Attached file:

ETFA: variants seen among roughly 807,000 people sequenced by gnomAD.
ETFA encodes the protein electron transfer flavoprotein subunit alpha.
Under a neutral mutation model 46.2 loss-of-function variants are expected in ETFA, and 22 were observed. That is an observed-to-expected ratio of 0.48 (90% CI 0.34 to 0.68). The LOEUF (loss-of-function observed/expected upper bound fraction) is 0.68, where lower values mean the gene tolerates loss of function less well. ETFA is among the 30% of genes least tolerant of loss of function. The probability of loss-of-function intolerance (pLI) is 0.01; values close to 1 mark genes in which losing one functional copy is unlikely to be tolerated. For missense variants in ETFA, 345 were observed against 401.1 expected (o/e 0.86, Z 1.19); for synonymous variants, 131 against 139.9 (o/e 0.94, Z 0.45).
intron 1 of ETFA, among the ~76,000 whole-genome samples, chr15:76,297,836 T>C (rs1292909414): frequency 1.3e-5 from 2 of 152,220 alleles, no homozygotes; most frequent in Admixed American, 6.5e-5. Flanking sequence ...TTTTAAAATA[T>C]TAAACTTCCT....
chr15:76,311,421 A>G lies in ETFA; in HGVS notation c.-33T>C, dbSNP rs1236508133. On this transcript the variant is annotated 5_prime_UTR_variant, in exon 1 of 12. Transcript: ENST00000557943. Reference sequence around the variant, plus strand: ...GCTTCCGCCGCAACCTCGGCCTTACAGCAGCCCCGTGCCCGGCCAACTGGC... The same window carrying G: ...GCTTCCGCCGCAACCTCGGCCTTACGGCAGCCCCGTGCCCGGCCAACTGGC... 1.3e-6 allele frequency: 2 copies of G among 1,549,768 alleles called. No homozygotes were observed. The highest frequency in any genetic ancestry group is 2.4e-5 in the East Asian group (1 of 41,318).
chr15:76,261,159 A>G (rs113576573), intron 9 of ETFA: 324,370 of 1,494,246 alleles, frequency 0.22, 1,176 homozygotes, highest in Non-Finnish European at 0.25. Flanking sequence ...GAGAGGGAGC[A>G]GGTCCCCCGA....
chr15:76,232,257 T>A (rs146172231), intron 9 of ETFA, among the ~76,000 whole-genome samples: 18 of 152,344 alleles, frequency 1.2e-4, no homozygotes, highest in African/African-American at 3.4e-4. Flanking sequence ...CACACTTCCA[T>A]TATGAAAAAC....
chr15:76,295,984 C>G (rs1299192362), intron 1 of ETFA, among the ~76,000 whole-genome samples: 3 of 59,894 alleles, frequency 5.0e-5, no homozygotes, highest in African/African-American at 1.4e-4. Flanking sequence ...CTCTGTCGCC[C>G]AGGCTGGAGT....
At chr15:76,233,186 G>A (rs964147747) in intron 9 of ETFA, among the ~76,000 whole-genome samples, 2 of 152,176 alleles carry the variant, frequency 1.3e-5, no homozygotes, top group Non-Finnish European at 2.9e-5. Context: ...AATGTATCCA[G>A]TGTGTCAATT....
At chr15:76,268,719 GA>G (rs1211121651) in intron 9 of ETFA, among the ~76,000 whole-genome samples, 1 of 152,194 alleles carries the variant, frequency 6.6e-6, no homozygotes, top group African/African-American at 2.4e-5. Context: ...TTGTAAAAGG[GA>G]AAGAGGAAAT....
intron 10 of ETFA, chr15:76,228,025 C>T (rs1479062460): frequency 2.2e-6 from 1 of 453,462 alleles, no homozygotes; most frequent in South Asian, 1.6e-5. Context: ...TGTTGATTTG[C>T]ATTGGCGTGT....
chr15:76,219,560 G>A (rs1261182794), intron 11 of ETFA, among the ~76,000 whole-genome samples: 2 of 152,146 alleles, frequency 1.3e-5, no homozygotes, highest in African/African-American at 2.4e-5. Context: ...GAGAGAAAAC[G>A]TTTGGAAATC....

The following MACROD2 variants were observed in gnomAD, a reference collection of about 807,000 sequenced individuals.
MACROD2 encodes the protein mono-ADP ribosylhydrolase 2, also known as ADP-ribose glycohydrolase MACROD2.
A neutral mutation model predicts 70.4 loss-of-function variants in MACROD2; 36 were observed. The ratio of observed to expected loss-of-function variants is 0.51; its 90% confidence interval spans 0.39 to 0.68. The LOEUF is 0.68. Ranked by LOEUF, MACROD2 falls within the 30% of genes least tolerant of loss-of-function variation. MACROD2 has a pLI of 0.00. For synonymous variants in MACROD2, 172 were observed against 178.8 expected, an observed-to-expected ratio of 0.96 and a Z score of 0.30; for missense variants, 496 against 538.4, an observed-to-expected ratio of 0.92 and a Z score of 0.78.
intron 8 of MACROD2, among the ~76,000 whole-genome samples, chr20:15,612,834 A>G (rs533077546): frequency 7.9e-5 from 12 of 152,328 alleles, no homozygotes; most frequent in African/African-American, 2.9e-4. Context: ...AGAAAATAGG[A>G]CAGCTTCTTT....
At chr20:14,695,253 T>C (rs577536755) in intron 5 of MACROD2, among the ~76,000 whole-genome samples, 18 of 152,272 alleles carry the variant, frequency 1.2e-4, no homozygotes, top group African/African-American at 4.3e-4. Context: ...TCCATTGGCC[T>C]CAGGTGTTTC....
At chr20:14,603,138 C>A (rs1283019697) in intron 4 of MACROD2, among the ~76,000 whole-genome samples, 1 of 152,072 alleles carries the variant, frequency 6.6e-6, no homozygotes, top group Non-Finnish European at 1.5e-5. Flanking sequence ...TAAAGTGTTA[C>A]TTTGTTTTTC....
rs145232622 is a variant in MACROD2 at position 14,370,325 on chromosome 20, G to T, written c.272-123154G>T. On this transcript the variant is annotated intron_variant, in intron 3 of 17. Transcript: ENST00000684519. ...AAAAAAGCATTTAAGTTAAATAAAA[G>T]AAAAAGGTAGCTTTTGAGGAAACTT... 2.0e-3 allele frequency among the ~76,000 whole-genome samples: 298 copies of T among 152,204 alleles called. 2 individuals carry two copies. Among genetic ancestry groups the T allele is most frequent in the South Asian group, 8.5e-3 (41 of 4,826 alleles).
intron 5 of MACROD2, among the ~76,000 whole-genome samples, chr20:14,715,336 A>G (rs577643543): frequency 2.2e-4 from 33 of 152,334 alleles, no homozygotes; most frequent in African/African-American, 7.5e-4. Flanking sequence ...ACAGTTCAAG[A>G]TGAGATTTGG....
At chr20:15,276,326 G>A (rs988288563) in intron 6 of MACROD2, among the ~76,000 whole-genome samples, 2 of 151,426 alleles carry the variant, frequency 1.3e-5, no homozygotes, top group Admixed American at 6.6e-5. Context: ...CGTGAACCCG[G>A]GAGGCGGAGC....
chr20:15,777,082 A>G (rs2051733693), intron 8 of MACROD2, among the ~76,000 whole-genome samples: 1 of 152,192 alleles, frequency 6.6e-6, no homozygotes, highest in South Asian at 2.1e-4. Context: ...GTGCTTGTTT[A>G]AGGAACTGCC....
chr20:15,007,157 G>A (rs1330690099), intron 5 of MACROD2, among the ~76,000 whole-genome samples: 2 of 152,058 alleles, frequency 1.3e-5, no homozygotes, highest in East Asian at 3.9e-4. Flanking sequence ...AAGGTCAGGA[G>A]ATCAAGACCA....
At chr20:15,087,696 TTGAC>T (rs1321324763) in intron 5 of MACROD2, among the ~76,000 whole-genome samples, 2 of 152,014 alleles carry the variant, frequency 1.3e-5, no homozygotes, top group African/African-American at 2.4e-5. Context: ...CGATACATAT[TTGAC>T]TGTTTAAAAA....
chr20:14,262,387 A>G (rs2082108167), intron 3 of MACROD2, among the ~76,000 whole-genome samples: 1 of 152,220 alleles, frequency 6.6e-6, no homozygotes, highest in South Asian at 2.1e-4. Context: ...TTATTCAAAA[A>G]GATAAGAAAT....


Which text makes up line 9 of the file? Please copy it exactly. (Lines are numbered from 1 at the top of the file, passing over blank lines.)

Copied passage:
At chr15:76,233,186 G>A (rs964147747) in intron 9 of ETFA, among the ~76,000 whole-genome samples, 2 of 152,176 alleles carry the variant, frequency 1.3e-5, no homozygotes, top group Non-Finnish European at 2.9e-5. Context: ...AATGTATCCA[G>A]TGTGTCAATT....